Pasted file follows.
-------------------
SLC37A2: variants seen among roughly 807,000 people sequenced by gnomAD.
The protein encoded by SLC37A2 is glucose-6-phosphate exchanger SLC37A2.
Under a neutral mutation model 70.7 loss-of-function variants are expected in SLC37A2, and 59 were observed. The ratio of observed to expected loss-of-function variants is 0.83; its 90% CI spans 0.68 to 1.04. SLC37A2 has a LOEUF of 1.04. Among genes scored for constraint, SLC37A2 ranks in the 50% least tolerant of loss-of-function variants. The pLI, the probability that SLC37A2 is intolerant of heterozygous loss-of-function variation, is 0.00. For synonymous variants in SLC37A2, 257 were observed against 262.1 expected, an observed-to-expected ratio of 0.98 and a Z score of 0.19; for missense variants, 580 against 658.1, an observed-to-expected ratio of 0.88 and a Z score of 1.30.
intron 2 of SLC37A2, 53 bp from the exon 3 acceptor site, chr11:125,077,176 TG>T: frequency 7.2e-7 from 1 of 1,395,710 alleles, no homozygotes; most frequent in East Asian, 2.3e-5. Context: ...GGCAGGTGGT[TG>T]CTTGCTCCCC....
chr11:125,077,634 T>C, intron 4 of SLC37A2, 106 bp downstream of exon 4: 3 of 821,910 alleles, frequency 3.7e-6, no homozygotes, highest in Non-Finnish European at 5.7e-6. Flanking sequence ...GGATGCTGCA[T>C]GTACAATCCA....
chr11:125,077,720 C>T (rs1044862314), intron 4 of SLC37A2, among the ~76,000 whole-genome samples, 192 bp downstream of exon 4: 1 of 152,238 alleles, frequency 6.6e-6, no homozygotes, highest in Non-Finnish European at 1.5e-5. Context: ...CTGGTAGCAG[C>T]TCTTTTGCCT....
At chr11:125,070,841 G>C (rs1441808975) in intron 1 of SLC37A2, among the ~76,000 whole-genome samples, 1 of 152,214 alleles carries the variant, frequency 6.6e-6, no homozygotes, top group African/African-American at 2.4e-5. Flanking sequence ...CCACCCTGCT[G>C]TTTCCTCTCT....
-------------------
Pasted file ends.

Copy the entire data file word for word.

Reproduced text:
SLC37A2: variants seen among roughly 807,000 people sequenced by gnomAD.
The protein encoded by SLC37A2 is glucose-6-phosphate exchanger SLC37A2.
Under a neutral mutation model 70.7 loss-of-function variants are expected in SLC37A2, and 59 were observed. The ratio of observed to expected loss-of-function variants is 0.83; its 90% CI spans 0.68 to 1.04. SLC37A2 has a LOEUF of 1.04. Among genes scored for constraint, SLC37A2 ranks in the 50% least tolerant of loss-of-function variants. The pLI, the probability that SLC37A2 is intolerant of heterozygous loss-of-function variation, is 0.00. For synonymous variants in SLC37A2, 257 were observed against 262.1 expected, an observed-to-expected ratio of 0.98 and a Z score of 0.19; for missense variants, 580 against 658.1, an observed-to-expected ratio of 0.88 and a Z score of 1.30.
intron 2 of SLC37A2, 53 bp from the exon 3 acceptor site, chr11:125,077,176 TG>T: frequency 7.2e-7 from 1 of 1,395,710 alleles, no homozygotes; most frequent in East Asian, 2.3e-5. Context: ...GGCAGGTGGT[TG>T]CTTGCTCCCC....
chr11:125,077,634 T>C, intron 4 of SLC37A2, 106 bp downstream of exon 4: 3 of 821,910 alleles, frequency 3.7e-6, no homozygotes, highest in Non-Finnish European at 5.7e-6. Flanking sequence ...GGATGCTGCA[T>C]GTACAATCCA....
chr11:125,077,720 C>T (rs1044862314), intron 4 of SLC37A2, among the ~76,000 whole-genome samples, 192 bp downstream of exon 4: 1 of 152,238 alleles, frequency 6.6e-6, no homozygotes, highest in Non-Finnish European at 1.5e-5. Context: ...CTGGTAGCAG[C>T]TCTTTTGCCT....
At chr11:125,070,841 G>C (rs1441808975) in intron 1 of SLC37A2, among the ~76,000 whole-genome samples, 1 of 152,214 alleles carries the variant, frequency 6.6e-6, no homozygotes, top group African/African-American at 2.4e-5. Flanking sequence ...CCACCCTGCT[G>C]TTTCCTCTCT....